ROCK AND ROLL CHRISTIANS #3
Sing Sing, Leavenworth, Alcatraz, Riker’s Island, Angola, Folsum, Attica, San Quentin, Devil’s Island, Dachau, the Gulags of Russia, the Tower of London, and Robben Island are just a few of the most famous prisons around the world. We know them because of their reputation or the horrific conditions or because it was portrayed in a song or a movie. Each one of these famous prisons was designed to keep criminals locked away from society as punishment for their crimes.
But there are less famous prisons that lock people away, too. You may not know the names of these prisons because many of them only have one cell. They have names such as Strayhorn Penitentiary, Jones Correctional Facility, Smith Detention Center, Kirby Jail, Ford Prison, and the Middleton Institute for the Criminally Insane. (Sorry Robin, I couldn’t pass that up.)
These one cell prisons hold us and bind us as much as any physical facility in the world, yet they are portable prisons, portable cells of our own design, cells that hold us captive until we’re set free. How do we get out? How can we be set free?
Acts 12:1-18 (NRSV)
 About that time King Herod laid violent hands upon some who belonged to the church.
 He had James, the brother of John, killed with the sword.
 After he saw that it pleased the Jews, he proceeded to arrest Peter also. (This was during the festival of Unleavened Bread.)
 When he had seized him, he put him in prison and handed him over to four squads of soldiers to guard him, intending to bring him out to the people after the Passover.
 While Peter was kept in prison, the church prayed fervently to God for him.
 The very night before Herod was going to bring him out, Peter, bound with two chains, was sleeping between two soldiers, while guards in front of the door were keeping watch over the prison.
 Suddenly an angel of the Lord appeared and a light shone in the cell. He tapped Peter on the side and woke him, saying, “Get up quickly.” And the chains fell off his wrists.
 The angel said to him, “Fasten your belt and put on your sandals.” He did so. Then he said to him, “Wrap your cloak around you and follow me.”
 Peter went out and followed him; he did not realize that what was happening with the angel’s help was real; he thought he was seeing a vision.
 After they had passed the first and the second guard, they came before the iron gate leading into the city. It opened for them of its own accord, and they went outside and walked along a lane, when suddenly the angel left him.
 Then Peter came to himself and said, “Now I am sure that the Lord has sent his angel and rescued me from the hands of Herod and from all that the Jewish people were expecting.”
 As soon as he realized this, he went to the house of Mary, the mother of John whose other name was Mark, where many had gathered and were praying.
 When he knocked at the outer gate, a maid named Rhoda came to answer.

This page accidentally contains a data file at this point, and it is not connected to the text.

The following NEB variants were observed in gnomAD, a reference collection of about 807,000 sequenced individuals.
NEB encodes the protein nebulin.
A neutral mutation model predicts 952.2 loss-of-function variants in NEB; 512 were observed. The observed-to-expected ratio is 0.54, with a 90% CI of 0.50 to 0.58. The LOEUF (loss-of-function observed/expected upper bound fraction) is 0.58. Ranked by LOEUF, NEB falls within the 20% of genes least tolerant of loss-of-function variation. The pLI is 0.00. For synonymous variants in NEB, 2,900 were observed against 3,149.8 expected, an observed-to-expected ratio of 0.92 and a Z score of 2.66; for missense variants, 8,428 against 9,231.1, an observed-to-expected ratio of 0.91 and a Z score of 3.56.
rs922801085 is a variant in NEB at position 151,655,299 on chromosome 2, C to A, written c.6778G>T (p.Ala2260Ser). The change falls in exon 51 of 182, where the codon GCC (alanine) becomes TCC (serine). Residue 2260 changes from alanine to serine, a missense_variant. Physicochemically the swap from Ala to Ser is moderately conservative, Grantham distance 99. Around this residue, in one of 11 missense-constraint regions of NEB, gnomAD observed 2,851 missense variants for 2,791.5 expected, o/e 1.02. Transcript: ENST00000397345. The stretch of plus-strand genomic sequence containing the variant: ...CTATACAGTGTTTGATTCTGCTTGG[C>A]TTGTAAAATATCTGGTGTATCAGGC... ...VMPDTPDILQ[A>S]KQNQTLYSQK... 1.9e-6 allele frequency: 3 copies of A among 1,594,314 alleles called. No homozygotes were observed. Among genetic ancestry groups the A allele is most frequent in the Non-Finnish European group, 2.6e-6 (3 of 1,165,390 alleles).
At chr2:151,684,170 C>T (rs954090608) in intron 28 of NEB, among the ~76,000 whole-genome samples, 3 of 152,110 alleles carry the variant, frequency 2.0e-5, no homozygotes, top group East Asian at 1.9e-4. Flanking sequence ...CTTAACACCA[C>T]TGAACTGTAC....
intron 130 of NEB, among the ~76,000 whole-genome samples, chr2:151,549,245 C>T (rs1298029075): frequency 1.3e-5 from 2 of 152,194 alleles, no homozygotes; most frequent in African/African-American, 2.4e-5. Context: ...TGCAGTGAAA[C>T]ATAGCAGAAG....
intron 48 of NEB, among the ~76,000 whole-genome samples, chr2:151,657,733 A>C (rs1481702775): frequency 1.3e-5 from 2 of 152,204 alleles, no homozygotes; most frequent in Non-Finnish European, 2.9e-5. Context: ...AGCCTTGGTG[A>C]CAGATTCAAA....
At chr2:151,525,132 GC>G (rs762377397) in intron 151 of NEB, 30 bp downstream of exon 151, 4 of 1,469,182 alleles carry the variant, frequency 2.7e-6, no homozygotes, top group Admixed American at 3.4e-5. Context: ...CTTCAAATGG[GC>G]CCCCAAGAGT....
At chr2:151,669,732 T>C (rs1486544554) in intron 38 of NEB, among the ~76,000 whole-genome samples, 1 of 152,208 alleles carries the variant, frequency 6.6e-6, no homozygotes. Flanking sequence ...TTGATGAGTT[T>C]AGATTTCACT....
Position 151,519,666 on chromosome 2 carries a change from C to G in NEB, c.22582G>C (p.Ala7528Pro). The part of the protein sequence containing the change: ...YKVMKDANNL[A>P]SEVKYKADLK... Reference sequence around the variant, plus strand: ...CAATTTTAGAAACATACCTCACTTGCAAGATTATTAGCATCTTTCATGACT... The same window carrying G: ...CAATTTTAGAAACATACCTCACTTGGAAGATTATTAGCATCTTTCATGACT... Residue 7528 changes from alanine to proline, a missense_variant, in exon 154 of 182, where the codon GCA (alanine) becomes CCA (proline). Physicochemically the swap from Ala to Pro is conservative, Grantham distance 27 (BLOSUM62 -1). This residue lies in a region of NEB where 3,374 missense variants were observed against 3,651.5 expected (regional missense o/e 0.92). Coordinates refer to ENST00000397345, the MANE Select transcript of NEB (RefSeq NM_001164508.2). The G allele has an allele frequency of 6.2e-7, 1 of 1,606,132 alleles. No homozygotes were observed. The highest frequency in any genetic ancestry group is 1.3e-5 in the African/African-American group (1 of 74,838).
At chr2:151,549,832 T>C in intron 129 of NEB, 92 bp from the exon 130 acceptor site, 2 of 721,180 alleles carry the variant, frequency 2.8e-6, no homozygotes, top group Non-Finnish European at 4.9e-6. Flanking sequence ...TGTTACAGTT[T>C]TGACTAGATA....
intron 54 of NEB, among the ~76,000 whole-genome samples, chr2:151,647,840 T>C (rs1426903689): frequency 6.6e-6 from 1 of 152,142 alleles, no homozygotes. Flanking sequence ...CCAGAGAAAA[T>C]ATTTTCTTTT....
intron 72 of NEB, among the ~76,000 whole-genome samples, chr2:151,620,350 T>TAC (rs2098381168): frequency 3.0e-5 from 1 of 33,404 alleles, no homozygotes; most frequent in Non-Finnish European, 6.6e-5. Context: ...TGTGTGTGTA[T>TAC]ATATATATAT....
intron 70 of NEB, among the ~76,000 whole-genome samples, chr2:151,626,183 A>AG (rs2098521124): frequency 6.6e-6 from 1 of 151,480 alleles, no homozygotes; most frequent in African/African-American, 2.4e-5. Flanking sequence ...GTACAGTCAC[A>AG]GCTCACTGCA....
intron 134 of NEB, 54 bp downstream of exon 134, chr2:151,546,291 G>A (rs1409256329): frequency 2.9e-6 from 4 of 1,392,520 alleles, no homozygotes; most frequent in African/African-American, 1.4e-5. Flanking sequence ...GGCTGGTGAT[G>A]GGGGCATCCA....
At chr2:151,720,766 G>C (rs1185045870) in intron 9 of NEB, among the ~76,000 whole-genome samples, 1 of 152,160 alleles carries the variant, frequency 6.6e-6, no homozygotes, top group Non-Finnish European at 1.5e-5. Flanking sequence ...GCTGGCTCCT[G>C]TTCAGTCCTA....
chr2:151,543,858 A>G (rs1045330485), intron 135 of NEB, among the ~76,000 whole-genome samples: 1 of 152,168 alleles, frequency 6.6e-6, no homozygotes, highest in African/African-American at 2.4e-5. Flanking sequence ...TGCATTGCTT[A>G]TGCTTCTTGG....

On recognizing Peter’s voice, she was so overjoyed that, instead of opening the gate, she ran in and announced that Peter was standing at the gate.
 They said to her, “You are out of your mind!” But she insisted that it was so. They said, “It is his angel.”
 Meanwhile Peter continued knocking; and when they opened the gate, they saw him and were amazed.
 He motioned to them with his hand to be silent, and described for them how the Lord had brought him out of the prison. And he added, “Tell this to James and to the believers.” Then he left and went to another place.
 When morning came, there was no small commotion among the soldiers over what had become of Peter.
 When Herod had searched for him and could not find him, he examined the guards and ordered them to be put to death. Then he went down from Judea to Caesarea and stayed there.
That event made the Jailhouse Rock. I love how Scripture describes it: “there was no small commotion among the soldiers over what had become of Peter.” That’s such a great way to describe the chaos, panic and uproar that happened. And a perfect example of understatement.
Now, there are any number of things we could talk about just from reading this passage. We could talk about the randomness of evil and pain, we’ve experienced that in the last couple of weeks. We could talk about persecution or Angels. We could talk about the power of prayer because it certainly plays a very big part in Peter’s deliverance.
Like Peter, we often find ourselves tossed into a prison cell. Often times it comes just as suddenly. However, there is one major difference. Peter was arrested and forced into captivity and imprisonment by Herod. Most of the time we willingly step into the cell and submit ourselves to the torture we know is waiting there. We do it without a second thought.
So, today I want us to look at the prisons and cells of our own creation that hold us captive and keep us imprisoned. I want to look at those chains that bind us and how Christ can set us free. You see, God wants to free us from those self-imposed prisons just like he did Peter. The door is open, it always has been. We just have to figure that out.
I. CELLS LIFE CREATES: